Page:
Internationalization in karaoke!!


I was out with my best friend on Friday going to karaoke. The place is our favorite, because the price is reasonable and clean. During the weekdays, you only need to pay 750 yen for as much you want between the hours of 10.00a.m. ~18.00p.m.

I had lunch at my friend before going to karaoke, so we started sometime before 2.00p.m., so we ended up singing for four and twenty minutes and paid only 750 yen!!! People in the States are more familiar with karaoke bars, but in Japan we have private rooms for everyone, even for a single person. Singing four hours and twenty minutes between two of us was pretty good work out, but my friend told me that her friends went to karaoke 12 hours straight!! I have done seven hours, so 12 hours singing is just crazy!!

Another thing I realize about karaoke in these days is that karaoke is becoming more international. Couple of years ago, there were only songs of Japanese and some English, but lately there are songs in Korean, Chinese and Filipino in addition. Unfortunately I can only sing in Japanese and English, but this is a good indicator of how Japan is slowly opening up for international people, or it can just be the karaoke market finds that this is a good field that they can invest including more songs with different languages. I wonder what will be the next language to be added to the karaoke books… I feel it could be Russian as there are quite few Russian people coming to Japan, or maybe French?

What do you think the next language to be added? Or what do you want to be added??

Chikan: Molesting school girls on the train

Another employee of public broadcaster NHK has been arrested for molesting a high school girl on a train. A director of children’s TV programs is accused of indecent assault after he put his hand up the victim’s skirt and fondled her buttocks on a Tokyu Denen-Toshi Line train in Tokyo Friday morning, investigators said. He admitted to the allegations during questioning.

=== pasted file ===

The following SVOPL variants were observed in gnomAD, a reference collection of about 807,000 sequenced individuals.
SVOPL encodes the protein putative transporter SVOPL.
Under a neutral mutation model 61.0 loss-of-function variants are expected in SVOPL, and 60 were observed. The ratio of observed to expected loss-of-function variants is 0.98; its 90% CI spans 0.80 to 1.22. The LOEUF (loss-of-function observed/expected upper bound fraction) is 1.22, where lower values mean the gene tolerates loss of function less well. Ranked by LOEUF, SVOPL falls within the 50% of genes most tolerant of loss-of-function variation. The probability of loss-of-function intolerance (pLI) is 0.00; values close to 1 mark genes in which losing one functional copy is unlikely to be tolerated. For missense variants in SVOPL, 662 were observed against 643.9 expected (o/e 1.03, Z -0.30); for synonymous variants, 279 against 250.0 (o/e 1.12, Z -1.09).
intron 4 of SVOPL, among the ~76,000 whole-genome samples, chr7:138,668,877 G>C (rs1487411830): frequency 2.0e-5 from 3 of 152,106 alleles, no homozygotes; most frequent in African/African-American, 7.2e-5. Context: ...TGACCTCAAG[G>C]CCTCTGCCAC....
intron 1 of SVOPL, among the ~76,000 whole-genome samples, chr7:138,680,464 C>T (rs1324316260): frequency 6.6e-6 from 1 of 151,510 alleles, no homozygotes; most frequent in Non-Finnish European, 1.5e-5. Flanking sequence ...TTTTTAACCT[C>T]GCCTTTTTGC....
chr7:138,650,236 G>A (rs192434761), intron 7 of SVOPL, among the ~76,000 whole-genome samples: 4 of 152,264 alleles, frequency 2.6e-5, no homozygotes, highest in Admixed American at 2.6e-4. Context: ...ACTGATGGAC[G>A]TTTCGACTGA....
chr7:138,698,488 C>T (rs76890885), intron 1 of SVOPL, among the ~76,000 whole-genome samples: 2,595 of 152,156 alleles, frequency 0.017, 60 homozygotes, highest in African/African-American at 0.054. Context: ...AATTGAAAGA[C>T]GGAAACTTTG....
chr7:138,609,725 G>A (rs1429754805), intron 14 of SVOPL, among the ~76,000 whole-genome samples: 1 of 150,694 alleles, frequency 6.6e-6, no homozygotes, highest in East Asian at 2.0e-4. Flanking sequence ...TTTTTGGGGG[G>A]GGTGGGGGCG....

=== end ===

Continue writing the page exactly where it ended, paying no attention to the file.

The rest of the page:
The incident follows the arrests of a chief producer at an affiliate and another NHK director earlier this month for molesting women. In May, an NHK presenter was also arrested for indecent assault.

No wonder many Japanese people (and most foreigners living here) refuse to pay the NHK fee. The lack of management skills is appalling, not only as reflected in content but also in Dilbert-style refusal to adopt a modern approach to leadership.

Mainichi: Kids TV director becomes 3rd NHK employee arrested for molestation in 1 month

Learn a useful Japanese word: Chikan

Baker Bounce


Miss American-style diners with their relaxed atmospheres and huge dinner portions? Well, you’re in luck because Tokyo has just what you’ve been longing for. Baker Bounce, located in Sangejaya with a new branch just opened in Roppongi’s Midtown, offers huge sandwiches and real char-grilled burgers–not to mention the ever elusive, Swiss cheese topping. I could go on about it’s value and taste but I think their website does a good enough job of doing that on its own. Check it out.

Baker Bounce

I will walk around Yamanote line

YamanoteI will walk the Yamanote line tomorrow. We will update where we are walking in real time by GPS. You can see it in this “yamanote” site(tomorrow open) and hopefuly you will drop me a line, "Go, Mari, go." Thanks!

Web camera live from Shibuya

Click here for a Web camera with live feed from Koen Dori in Shibuya. This street, Koen Dori, or “Park Avenue” is one of the main shopping streets in Tokyo.


(Screen shot taken tonight)